Report: UK government advisers backed Lancet study methods
LONDON: British government officials backed the methodology used by scientists who concluded that more than 600,000 Iraqis have been killed since the U.S.-led invasion in 2003, the British Broadcasting Corp. reported Monday.
The government publicly rejected the findings, published in The Lancet medical journal in October. But the BBC said documents obtained under freedom of information legislation showed advisers concluded that the much-criticized study had used sound methods.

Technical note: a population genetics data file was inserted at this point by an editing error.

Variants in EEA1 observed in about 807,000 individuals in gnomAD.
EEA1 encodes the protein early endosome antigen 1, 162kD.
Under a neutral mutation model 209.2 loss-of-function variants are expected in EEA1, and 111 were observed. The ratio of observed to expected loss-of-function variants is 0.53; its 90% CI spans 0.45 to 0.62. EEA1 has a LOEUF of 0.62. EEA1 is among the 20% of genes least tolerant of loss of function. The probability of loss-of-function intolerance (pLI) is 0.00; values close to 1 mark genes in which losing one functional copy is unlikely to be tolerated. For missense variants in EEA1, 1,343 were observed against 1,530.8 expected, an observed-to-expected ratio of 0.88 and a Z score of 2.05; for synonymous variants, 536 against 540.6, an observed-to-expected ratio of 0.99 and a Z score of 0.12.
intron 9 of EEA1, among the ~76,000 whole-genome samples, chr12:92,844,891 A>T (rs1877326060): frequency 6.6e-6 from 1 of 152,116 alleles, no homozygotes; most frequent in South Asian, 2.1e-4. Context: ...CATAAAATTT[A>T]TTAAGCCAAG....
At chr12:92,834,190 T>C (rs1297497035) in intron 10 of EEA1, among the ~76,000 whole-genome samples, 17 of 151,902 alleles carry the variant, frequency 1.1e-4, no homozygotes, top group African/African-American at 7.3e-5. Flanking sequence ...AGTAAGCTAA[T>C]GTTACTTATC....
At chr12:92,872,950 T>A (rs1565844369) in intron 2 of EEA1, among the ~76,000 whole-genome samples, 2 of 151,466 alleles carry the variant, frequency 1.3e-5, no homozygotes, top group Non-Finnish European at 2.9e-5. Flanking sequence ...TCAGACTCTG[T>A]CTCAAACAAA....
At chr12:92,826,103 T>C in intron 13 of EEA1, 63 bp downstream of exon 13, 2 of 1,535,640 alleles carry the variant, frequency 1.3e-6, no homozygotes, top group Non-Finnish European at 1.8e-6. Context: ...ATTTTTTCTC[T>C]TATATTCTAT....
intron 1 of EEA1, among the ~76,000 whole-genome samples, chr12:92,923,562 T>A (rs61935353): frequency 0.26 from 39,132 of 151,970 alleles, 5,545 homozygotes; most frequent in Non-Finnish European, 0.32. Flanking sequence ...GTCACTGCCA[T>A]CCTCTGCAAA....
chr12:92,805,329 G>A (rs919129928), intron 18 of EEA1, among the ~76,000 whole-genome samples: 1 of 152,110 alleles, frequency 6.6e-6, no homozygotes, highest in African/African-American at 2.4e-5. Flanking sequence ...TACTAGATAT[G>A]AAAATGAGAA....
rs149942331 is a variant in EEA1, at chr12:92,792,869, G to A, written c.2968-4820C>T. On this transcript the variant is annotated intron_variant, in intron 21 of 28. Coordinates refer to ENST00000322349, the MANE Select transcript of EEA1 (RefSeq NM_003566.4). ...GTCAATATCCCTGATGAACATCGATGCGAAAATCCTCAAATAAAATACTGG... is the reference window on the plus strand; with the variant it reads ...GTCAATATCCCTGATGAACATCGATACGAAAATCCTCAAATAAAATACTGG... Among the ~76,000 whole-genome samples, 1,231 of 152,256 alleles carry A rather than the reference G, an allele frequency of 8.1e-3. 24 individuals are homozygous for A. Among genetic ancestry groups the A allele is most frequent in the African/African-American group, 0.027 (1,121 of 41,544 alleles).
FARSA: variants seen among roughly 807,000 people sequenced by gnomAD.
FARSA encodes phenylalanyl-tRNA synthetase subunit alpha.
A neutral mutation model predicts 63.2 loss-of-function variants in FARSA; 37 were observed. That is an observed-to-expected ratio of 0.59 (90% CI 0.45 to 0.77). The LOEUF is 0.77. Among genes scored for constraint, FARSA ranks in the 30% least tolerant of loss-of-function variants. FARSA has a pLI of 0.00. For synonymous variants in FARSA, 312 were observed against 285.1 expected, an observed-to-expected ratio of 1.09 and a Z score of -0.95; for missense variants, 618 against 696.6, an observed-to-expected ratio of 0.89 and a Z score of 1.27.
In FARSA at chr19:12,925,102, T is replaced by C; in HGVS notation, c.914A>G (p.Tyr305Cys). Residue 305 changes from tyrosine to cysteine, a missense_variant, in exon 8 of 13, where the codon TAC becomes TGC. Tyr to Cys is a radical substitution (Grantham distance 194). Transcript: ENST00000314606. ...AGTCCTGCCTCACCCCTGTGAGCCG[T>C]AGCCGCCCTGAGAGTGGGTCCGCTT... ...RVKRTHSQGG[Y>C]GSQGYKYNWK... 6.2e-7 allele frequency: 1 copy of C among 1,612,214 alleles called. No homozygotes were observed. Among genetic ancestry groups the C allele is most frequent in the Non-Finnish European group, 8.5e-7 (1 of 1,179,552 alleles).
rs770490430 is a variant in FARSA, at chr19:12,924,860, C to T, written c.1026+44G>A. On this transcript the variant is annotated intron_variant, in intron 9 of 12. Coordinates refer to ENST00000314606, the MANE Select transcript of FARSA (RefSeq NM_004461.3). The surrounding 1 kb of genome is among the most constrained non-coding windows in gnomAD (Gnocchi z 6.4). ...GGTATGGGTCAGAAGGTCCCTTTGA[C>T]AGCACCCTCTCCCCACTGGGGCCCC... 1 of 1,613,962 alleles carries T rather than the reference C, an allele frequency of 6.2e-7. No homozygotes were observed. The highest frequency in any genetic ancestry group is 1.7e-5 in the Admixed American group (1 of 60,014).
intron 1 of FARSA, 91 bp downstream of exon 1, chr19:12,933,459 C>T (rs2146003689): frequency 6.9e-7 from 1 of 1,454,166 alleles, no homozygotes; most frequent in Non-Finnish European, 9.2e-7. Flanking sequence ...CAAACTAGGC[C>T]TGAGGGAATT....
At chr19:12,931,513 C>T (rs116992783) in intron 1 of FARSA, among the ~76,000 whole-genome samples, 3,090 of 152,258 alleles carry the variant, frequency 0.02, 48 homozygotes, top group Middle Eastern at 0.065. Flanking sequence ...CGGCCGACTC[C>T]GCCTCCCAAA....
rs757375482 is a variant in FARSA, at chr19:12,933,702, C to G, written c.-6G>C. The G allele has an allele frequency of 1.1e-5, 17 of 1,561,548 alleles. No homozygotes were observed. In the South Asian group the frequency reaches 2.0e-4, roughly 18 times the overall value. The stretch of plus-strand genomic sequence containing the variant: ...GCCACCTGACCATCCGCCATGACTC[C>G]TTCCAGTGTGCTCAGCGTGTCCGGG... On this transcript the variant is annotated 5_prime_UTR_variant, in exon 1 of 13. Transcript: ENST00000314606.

The Lancet study, conducted by researchers from Johns Hopkins University in Baltimore and the Al Mustansiriya University in Baghdad, estimated that 655,000 more Iraqis had died since March 2003 than one would expect without the war. The study estimated that 601,027 of those deaths were from violence.
The researchers, reflecting the inherent uncertainties in such extrapolations, said they were 95 percent certain that the real number lay somewhere between 392,979 and 942,636 deaths.
Read the rest at the International Herald Tribune
Perspective: Could 650,000 Iraqis really have died because of the invasion?
Study: Iraqi deaths between 392,000 and 942,000 with 654,000 best estimate